The comprehensive report showed users preferences such as devices used, operating system, their primary screen reader, browser, etc. Also shown what kind of mobile platform these users use. It’s interesting to see that the conclusion remains the same: there is no typical screen reader user.
Specific interesting notes that they mentioned:
- JAWS is still the software most widely used, but there’s an increase in NVDA and Apple’s VoiceOver usage as well.
- There’s an increase in use of a screen reader on a mobile device
- Flash content and CAPTCHA are still problematic.
Few interesting technology developments that would benefit people with disabilities:
- Mind-controlled Computing for the Disabled: A new Israeli-developed tool enables the disabled to send emails by thought alone, and could revolutionize the world of mind-controlled computing.
- Virtual Mouse, an Invetion to Help the Disabled: Computer engineering student at Khalifa university develops software that allows control of a mouse through the movement of a person’s eyes.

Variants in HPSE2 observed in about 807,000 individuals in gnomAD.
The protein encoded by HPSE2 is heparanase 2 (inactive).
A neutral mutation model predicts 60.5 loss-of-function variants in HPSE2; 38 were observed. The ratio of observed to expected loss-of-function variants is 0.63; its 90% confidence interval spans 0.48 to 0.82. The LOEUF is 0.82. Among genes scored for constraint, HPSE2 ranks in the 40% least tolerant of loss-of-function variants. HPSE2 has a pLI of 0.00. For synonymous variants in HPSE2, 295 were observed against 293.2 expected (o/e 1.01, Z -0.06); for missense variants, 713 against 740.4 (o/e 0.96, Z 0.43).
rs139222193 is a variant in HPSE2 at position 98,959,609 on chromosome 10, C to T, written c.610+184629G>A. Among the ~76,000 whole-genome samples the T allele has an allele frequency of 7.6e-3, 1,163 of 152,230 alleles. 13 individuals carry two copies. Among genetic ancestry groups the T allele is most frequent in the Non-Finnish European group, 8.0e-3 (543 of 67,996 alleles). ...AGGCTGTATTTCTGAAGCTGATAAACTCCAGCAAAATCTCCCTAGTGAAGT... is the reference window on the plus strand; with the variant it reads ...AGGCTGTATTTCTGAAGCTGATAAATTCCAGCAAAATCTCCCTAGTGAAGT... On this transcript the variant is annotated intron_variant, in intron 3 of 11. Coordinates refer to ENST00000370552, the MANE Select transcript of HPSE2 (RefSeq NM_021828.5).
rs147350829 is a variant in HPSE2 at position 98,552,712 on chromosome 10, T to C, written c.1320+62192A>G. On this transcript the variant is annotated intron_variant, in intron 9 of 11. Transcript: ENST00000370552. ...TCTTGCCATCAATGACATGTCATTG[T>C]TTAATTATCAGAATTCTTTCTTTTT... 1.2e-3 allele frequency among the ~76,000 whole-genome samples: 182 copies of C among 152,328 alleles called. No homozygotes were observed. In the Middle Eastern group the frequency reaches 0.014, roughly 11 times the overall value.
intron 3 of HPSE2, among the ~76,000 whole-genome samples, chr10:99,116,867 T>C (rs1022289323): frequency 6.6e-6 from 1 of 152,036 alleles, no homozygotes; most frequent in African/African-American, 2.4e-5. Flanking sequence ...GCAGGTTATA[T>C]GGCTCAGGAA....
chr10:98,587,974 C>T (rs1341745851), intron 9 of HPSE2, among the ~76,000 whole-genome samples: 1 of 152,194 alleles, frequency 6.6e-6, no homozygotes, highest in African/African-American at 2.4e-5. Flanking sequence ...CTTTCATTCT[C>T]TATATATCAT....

- NHK develops and automatic sign language translation systems for TV (w/ video): Researchers at the NHK Science & Technology Research laboratories in Japan have developed a new animated sign language translation system. The system takes a string of words, in Japanese obviously, and converts them into the gestures that make up sign language.
I’m quite excited about these developments. These by no means are the only development in progress, I’m quite sure. But these show the kind of possibilities one could develop to help people with disabilities.
Speaking of controlled tool, this news about robot cat ears that are responding to brain waves came out several months ago. The robotic cat ears are cute, sure thing, but think about the possibilities of creating brain wave controlled tools for people who can’t even move any part of their body. That would be awesome.
On a related note, I’m looking forward to be able to send tweets just by the thoughts. Heh. :-D